By Elaine Chapman
My pitch at Library Camp this year was an interactive pitch that was designed to question what up and coming professionals in the library world know about interacting with users with disabilities.
I specifically wanted to question how we can learn, as a profession, to be better able to adapt our services towards users who are currently under-served.
My belief is that the way forward for libraries is to use outreach to market ourselves. The best way of bringing new people in to our world us to get out there and show them what we can do for them. The key to this is the ability to be adaptable, so that we can best meet the needs of individual users.
Many people forget that the majority of people with disabilities are adults, not children, but most of the non-residential services for disabled people are aimed at children and their families.
Disabled adults are often forgotten about, but I believe libraries can help fix this through adapting our services for them and making use of outreach to market ourselves as mentioned above.
With that in mind, I came up with the questions listed below.
These are the main questions I want to ask
-Are libraries doing all that we can for users with disabilities?
-Do you think budgetary issues impact on library services to peripheral groups? Are there ways around this?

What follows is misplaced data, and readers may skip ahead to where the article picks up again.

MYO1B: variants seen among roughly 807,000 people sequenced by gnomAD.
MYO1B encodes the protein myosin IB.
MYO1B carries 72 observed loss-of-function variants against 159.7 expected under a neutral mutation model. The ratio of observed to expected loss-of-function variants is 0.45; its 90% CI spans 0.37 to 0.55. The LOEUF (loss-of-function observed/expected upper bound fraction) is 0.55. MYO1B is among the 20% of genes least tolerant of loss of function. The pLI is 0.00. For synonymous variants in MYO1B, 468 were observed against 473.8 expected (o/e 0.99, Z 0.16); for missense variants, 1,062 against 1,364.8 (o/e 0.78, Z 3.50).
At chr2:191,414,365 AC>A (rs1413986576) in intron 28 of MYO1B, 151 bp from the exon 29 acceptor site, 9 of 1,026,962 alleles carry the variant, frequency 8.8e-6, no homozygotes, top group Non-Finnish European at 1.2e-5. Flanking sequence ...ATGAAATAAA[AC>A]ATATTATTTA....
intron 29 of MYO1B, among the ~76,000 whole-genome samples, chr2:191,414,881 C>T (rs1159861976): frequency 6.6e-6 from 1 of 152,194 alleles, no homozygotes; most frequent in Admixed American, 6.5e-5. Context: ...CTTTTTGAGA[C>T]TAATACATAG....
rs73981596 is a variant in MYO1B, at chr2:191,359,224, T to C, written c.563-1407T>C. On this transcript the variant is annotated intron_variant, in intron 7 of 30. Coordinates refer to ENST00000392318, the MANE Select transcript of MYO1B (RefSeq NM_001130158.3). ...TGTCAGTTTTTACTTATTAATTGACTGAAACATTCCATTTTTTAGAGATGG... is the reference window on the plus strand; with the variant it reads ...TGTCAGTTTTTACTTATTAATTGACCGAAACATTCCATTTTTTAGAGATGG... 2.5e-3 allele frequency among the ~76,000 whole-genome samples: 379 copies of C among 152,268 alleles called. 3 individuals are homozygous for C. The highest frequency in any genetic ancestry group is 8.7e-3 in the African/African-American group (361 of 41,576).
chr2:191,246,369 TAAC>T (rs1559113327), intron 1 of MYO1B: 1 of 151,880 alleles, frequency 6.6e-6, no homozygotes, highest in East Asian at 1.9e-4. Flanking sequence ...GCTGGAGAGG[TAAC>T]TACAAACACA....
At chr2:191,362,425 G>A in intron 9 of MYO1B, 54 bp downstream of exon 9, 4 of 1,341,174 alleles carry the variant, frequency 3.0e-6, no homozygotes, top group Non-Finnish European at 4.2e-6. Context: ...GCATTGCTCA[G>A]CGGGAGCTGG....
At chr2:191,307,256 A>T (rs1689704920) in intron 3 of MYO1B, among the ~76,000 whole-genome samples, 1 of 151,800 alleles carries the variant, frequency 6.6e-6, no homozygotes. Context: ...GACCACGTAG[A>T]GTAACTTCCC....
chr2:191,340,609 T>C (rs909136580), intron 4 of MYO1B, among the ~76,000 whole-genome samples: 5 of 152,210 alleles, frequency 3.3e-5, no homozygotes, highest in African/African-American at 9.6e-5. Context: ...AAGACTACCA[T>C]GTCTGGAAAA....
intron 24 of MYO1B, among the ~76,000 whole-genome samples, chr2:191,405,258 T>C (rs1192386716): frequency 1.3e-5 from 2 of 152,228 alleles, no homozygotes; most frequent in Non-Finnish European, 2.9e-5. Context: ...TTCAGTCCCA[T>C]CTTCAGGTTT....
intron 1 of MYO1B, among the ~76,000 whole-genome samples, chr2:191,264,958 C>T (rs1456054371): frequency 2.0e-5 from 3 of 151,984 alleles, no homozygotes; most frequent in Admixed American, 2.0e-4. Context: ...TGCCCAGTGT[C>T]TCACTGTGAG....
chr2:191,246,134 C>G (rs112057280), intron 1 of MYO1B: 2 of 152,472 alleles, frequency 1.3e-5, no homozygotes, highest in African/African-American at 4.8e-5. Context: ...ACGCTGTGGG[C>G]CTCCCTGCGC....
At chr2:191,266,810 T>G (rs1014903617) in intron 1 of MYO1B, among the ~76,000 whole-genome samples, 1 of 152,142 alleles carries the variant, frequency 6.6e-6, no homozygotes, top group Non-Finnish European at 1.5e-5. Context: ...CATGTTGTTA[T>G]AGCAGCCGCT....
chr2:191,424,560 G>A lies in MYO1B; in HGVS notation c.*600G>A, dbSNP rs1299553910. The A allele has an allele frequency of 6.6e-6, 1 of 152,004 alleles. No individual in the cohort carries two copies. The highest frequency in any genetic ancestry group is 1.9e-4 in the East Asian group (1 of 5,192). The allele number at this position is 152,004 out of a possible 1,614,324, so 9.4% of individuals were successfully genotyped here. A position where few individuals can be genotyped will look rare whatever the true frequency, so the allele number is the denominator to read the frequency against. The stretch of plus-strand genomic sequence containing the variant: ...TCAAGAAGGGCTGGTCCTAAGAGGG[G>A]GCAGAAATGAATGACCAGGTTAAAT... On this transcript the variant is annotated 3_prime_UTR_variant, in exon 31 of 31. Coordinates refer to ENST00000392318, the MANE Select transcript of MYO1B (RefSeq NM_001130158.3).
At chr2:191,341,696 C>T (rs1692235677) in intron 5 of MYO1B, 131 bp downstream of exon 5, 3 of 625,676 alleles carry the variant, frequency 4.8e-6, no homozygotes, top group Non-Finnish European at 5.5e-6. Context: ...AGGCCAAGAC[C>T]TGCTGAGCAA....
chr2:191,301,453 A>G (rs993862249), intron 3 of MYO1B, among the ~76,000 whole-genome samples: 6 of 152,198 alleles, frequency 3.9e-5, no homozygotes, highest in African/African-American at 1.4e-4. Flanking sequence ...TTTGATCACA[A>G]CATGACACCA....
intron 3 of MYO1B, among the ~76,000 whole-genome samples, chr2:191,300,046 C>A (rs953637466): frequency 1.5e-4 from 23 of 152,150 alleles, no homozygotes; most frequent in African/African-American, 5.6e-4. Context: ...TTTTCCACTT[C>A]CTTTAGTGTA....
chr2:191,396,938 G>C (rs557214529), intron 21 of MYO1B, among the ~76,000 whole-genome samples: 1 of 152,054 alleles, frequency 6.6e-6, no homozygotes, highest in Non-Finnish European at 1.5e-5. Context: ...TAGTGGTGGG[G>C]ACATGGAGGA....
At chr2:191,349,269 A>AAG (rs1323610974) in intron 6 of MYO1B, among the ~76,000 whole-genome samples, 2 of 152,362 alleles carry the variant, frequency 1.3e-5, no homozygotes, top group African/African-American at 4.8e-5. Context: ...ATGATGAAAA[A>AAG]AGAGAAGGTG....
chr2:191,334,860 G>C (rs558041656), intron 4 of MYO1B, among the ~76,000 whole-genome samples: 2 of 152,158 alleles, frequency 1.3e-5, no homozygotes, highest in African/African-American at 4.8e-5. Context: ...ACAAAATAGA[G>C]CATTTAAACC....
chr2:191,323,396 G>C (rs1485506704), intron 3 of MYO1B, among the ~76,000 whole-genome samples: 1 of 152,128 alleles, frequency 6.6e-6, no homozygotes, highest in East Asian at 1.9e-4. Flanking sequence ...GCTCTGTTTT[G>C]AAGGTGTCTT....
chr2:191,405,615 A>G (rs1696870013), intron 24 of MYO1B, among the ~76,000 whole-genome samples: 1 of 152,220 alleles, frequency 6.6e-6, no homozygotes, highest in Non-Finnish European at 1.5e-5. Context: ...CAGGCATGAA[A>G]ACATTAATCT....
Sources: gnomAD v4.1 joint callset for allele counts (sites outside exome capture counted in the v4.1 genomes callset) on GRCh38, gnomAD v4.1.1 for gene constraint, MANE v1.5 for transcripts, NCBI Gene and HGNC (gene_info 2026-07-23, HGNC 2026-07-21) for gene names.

-Do you know how to approach or help a disabled user? Would your library consider staff training on this?
-Do you consider your library fully accessible for those with disabilities? Consider visual and sensory disabilities as well as physical.
-Do you think that current and future librarians should be taught adaptive teaching?
I am not going to give you the answers to the questions listed above as I had one more purpose in giving this talk, and that was purely to get you thinking on these issues, because the more they are thought about, the quicker they are solved.
That said, I will give one example of how current programmes can be adapted to better help all users, but especially those with disabilities. That example lies with the reading programmes for children that many libraries operate. Introducing the use of a therapy animal in these programmes benefits literacy levels, but for children with autism, it can also have a huge impact on relieving social anxieties. Plus, who doesn’t want a library cat? Or dog, if we must!
Finally, I would like to say a massive thank you to Marta Bustillo, Therese Kelly, and the CDG. I could not have done it without you! They took a quiet autistic girl, and enabled her to spread her wings. Now we just need to do that for others.
Written by Elaine Chapman